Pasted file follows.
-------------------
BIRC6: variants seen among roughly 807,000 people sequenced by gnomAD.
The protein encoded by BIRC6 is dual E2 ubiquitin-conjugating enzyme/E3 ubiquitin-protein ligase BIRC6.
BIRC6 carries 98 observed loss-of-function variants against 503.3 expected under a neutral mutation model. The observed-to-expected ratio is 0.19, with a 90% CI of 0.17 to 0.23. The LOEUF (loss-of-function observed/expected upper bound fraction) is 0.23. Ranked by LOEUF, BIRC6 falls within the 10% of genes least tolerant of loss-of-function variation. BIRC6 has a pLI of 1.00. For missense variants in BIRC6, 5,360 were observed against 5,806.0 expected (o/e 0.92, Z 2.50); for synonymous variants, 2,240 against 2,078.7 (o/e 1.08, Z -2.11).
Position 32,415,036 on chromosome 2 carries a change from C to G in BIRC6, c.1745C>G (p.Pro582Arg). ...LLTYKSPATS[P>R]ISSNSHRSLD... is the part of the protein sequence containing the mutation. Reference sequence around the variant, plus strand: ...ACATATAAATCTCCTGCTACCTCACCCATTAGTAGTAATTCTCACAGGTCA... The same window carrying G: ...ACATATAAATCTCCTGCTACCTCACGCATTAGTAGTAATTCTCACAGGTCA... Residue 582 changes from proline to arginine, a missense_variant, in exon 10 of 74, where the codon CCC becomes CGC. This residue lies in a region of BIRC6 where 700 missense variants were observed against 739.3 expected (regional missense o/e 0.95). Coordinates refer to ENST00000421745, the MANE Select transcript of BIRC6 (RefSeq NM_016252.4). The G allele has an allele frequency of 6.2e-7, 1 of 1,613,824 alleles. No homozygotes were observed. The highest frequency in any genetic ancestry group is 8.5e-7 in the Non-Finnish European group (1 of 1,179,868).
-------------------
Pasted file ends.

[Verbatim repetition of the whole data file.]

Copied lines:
BIRC6: variants seen among roughly 807,000 people sequenced by gnomAD.
The protein encoded by BIRC6 is dual E2 ubiquitin-conjugating enzyme/E3 ubiquitin-protein ligase BIRC6.
BIRC6 carries 98 observed loss-of-function variants against 503.3 expected under a neutral mutation model. The observed-to-expected ratio is 0.19, with a 90% CI of 0.17 to 0.23. The LOEUF (loss-of-function observed/expected upper bound fraction) is 0.23. Ranked by LOEUF, BIRC6 falls within the 10% of genes least tolerant of loss-of-function variation. BIRC6 has a pLI of 1.00. For missense variants in BIRC6, 5,360 were observed against 5,806.0 expected (o/e 0.92, Z 2.50); for synonymous variants, 2,240 against 2,078.7 (o/e 1.08, Z -2.11).
Position 32,415,036 on chromosome 2 carries a change from C to G in BIRC6, c.1745C>G (p.Pro582Arg). ...LLTYKSPATS[P>R]ISSNSHRSLD... is the part of the protein sequence containing the mutation. Reference sequence around the variant, plus strand: ...ACATATAAATCTCCTGCTACCTCACCCATTAGTAGTAATTCTCACAGGTCA... The same window carrying G: ...ACATATAAATCTCCTGCTACCTCACGCATTAGTAGTAATTCTCACAGGTCA... Residue 582 changes from proline to arginine, a missense_variant, in exon 10 of 74, where the codon CCC becomes CGC. This residue lies in a region of BIRC6 where 700 missense variants were observed against 739.3 expected (regional missense o/e 0.95). Coordinates refer to ENST00000421745, the MANE Select transcript of BIRC6 (RefSeq NM_016252.4). The G allele has an allele frequency of 6.2e-7, 1 of 1,613,824 alleles. No homozygotes were observed. The highest frequency in any genetic ancestry group is 8.5e-7 in the Non-Finnish European group (1 of 1,179,868).